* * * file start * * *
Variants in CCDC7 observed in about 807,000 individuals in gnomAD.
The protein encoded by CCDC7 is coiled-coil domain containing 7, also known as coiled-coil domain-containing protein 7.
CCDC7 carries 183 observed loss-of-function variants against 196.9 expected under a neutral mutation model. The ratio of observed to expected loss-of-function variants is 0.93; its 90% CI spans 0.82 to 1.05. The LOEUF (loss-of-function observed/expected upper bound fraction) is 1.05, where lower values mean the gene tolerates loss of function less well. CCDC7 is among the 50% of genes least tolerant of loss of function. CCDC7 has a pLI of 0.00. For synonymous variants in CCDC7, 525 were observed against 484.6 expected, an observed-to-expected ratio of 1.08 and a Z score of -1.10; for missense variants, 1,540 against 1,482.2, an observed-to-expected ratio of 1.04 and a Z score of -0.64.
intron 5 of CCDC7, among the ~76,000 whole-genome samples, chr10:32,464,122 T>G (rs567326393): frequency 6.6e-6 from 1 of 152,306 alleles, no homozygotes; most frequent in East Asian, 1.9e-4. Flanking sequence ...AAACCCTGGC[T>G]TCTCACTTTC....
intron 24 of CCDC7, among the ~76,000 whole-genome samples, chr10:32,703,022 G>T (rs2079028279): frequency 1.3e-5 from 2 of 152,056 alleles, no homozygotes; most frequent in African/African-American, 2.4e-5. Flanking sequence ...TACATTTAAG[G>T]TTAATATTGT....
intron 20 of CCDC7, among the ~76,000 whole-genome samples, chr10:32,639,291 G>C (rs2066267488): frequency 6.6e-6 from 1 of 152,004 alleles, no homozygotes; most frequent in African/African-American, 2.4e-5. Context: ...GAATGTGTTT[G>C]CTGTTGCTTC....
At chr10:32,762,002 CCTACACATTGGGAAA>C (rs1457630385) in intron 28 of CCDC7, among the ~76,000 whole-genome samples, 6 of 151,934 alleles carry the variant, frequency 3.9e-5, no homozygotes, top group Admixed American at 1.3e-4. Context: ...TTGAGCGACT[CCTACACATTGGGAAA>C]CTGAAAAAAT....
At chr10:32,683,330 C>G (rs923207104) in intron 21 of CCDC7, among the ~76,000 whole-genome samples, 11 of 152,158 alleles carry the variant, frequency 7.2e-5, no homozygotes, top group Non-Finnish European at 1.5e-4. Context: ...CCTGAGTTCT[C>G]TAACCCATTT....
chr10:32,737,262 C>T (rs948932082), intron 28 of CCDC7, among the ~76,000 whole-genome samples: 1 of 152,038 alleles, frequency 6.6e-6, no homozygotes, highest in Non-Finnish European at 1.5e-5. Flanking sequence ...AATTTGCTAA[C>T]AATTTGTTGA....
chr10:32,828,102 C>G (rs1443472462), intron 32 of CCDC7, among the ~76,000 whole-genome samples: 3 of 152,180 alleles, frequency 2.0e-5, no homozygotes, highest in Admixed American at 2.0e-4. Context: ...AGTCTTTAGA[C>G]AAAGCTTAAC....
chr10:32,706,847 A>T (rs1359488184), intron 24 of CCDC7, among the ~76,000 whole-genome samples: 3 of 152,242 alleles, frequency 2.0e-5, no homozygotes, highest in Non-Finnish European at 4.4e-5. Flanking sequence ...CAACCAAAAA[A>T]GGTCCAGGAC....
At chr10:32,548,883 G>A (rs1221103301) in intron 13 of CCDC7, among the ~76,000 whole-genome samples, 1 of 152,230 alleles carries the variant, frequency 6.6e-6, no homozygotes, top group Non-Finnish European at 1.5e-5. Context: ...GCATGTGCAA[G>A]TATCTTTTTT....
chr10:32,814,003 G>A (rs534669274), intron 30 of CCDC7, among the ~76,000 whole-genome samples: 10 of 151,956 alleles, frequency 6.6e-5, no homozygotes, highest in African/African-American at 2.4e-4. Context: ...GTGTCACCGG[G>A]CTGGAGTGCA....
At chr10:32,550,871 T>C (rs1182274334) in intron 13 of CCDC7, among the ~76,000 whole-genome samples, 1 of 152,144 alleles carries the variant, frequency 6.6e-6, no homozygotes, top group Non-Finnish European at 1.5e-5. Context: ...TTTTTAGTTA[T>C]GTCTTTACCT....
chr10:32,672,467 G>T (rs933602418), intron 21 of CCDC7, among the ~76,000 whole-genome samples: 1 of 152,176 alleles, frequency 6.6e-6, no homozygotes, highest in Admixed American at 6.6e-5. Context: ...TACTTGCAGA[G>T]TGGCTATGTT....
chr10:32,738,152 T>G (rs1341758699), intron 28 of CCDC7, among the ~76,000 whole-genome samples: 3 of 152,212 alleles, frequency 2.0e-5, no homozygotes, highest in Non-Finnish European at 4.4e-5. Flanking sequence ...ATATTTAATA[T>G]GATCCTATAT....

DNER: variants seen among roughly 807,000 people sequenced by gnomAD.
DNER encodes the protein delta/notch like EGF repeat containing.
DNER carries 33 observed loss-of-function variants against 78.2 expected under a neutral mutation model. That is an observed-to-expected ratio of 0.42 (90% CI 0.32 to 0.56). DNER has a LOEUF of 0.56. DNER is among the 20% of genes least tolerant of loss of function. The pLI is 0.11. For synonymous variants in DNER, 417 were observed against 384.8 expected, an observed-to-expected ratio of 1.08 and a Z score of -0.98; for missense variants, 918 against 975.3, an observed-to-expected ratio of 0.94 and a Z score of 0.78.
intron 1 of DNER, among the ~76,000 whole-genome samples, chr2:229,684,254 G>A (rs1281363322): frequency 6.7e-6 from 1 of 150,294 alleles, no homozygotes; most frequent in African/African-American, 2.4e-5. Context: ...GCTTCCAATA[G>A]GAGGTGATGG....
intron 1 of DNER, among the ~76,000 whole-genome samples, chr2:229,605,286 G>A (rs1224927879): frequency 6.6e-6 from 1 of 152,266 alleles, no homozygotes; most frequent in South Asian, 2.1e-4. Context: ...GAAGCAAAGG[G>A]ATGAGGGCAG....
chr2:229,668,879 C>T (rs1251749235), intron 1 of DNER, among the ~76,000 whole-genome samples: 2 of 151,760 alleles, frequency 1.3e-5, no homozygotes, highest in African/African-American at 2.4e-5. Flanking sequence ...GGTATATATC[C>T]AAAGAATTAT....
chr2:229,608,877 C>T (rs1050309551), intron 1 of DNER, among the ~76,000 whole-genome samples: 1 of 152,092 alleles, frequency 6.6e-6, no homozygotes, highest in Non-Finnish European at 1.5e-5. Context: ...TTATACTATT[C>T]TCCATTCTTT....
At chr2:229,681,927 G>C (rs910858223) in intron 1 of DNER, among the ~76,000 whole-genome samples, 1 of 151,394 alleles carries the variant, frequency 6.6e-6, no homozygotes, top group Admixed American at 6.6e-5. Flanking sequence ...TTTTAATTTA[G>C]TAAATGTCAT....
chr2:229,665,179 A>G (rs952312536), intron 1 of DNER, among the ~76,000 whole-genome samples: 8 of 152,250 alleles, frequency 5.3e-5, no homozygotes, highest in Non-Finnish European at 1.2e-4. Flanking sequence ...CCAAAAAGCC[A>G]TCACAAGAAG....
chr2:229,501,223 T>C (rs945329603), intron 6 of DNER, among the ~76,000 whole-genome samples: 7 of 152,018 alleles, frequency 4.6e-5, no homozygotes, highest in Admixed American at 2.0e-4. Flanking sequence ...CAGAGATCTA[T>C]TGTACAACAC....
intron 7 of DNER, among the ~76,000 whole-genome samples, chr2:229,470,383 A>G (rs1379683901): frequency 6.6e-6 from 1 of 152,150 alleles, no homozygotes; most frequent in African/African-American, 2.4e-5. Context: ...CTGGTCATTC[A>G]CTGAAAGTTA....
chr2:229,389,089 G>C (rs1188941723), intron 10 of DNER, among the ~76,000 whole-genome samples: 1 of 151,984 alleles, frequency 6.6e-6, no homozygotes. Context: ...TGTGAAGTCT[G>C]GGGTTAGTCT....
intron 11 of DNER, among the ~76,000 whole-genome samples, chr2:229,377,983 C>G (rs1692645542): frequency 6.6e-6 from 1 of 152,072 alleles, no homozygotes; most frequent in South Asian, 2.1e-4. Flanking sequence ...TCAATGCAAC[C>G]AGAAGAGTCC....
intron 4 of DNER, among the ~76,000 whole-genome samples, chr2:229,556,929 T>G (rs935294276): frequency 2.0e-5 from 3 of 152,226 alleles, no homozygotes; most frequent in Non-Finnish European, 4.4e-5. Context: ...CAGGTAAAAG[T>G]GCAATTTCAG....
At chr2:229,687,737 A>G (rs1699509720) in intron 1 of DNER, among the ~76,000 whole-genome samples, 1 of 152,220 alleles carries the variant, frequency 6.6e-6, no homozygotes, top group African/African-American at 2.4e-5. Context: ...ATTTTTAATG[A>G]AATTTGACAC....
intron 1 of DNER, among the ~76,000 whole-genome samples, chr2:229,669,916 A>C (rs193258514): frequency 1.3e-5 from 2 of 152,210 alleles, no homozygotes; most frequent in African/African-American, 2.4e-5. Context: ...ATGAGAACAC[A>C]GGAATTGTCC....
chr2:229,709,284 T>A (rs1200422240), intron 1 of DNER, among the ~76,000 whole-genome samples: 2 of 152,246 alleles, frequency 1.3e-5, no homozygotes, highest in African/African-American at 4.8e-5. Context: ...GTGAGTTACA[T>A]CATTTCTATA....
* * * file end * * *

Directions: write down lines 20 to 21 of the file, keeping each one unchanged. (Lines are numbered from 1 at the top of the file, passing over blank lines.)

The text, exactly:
intron 1 of DNER, among the ~76,000 whole-genome samples, chr2:229,684,254 G>A (rs1281363322): frequency 6.7e-6 from 1 of 150,294 alleles, no homozygotes; most frequent in African/African-American, 2.4e-5. Context: ...GCTTCCAATA[G>A]GAGGTGATGG....
intron 1 of DNER, among the ~76,000 whole-genome samples, chr2:229,605,286 G>A (rs1224927879): frequency 6.6e-6 from 1 of 152,266 alleles, no homozygotes; most frequent in South Asian, 2.1e-4. Context: ...GAAGCAAAGG[G>A]ATGAGGGCAG....